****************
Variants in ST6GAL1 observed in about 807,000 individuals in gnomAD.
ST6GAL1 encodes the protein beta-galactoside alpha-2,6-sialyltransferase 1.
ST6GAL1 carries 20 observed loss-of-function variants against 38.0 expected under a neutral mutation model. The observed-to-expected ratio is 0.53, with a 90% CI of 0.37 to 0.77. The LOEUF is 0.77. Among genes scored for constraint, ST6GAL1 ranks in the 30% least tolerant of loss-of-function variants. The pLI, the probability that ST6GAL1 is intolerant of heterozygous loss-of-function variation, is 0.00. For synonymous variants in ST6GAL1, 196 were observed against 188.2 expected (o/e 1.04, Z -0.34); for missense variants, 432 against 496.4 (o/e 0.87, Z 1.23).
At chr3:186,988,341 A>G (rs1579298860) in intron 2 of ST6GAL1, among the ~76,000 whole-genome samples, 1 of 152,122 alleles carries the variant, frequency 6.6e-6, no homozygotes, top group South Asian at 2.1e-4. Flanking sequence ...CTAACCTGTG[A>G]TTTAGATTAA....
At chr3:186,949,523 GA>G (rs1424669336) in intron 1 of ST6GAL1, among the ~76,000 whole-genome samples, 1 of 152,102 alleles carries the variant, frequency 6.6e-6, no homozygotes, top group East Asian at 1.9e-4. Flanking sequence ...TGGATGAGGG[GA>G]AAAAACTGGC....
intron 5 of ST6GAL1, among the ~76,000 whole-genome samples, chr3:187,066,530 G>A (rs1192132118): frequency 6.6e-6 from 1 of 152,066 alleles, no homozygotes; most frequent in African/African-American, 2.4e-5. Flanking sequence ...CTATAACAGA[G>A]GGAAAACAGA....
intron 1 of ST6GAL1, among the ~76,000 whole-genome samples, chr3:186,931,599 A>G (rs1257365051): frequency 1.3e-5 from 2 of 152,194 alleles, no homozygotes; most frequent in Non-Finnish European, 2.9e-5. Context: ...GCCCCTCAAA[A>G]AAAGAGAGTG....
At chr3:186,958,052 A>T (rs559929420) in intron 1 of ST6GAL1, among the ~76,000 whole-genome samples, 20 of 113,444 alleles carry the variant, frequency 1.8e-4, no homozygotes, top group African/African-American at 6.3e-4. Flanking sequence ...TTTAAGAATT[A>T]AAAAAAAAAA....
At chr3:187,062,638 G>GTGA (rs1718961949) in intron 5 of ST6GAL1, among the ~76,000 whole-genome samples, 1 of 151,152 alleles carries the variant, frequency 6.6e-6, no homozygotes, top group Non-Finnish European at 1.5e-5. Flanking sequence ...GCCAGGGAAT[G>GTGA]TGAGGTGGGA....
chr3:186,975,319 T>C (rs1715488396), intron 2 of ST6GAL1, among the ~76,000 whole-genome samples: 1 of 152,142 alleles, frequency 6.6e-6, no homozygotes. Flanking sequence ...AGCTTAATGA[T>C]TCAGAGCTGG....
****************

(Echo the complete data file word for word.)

Variants in ST6GAL1 observed in about 807,000 individuals in gnomAD.
ST6GAL1 encodes the protein beta-galactoside alpha-2,6-sialyltransferase 1.
ST6GAL1 carries 20 observed loss-of-function variants against 38.0 expected under a neutral mutation model. The observed-to-expected ratio is 0.53, with a 90% CI of 0.37 to 0.77. The LOEUF is 0.77. Among genes scored for constraint, ST6GAL1 ranks in the 30% least tolerant of loss-of-function variants. The pLI, the probability that ST6GAL1 is intolerant of heterozygous loss-of-function variation, is 0.00. For synonymous variants in ST6GAL1, 196 were observed against 188.2 expected (o/e 1.04, Z -0.34); for missense variants, 432 against 496.4 (o/e 0.87, Z 1.23).
At chr3:186,988,341 A>G (rs1579298860) in intron 2 of ST6GAL1, among the ~76,000 whole-genome samples, 1 of 152,122 alleles carries the variant, frequency 6.6e-6, no homozygotes, top group South Asian at 2.1e-4. Flanking sequence ...CTAACCTGTG[A>G]TTTAGATTAA....
At chr3:186,949,523 GA>G (rs1424669336) in intron 1 of ST6GAL1, among the ~76,000 whole-genome samples, 1 of 152,102 alleles carries the variant, frequency 6.6e-6, no homozygotes, top group East Asian at 1.9e-4. Flanking sequence ...TGGATGAGGG[GA>G]AAAAACTGGC....
intron 5 of ST6GAL1, among the ~76,000 whole-genome samples, chr3:187,066,530 G>A (rs1192132118): frequency 6.6e-6 from 1 of 152,066 alleles, no homozygotes; most frequent in African/African-American, 2.4e-5. Flanking sequence ...CTATAACAGA[G>A]GGAAAACAGA....
intron 1 of ST6GAL1, among the ~76,000 whole-genome samples, chr3:186,931,599 A>G (rs1257365051): frequency 1.3e-5 from 2 of 152,194 alleles, no homozygotes; most frequent in Non-Finnish European, 2.9e-5. Context: ...GCCCCTCAAA[A>G]AAAGAGAGTG....
At chr3:186,958,052 A>T (rs559929420) in intron 1 of ST6GAL1, among the ~76,000 whole-genome samples, 20 of 113,444 alleles carry the variant, frequency 1.8e-4, no homozygotes, top group African/African-American at 6.3e-4. Flanking sequence ...TTTAAGAATT[A>T]AAAAAAAAAA....
At chr3:187,062,638 G>GTGA (rs1718961949) in intron 5 of ST6GAL1, among the ~76,000 whole-genome samples, 1 of 151,152 alleles carries the variant, frequency 6.6e-6, no homozygotes, top group Non-Finnish European at 1.5e-5. Flanking sequence ...GCCAGGGAAT[G>GTGA]TGAGGTGGGA....
chr3:186,975,319 T>C (rs1715488396), intron 2 of ST6GAL1, among the ~76,000 whole-genome samples: 1 of 152,142 alleles, frequency 6.6e-6, no homozygotes. Flanking sequence ...AGCTTAATGA[T>C]TCAGAGCTGG....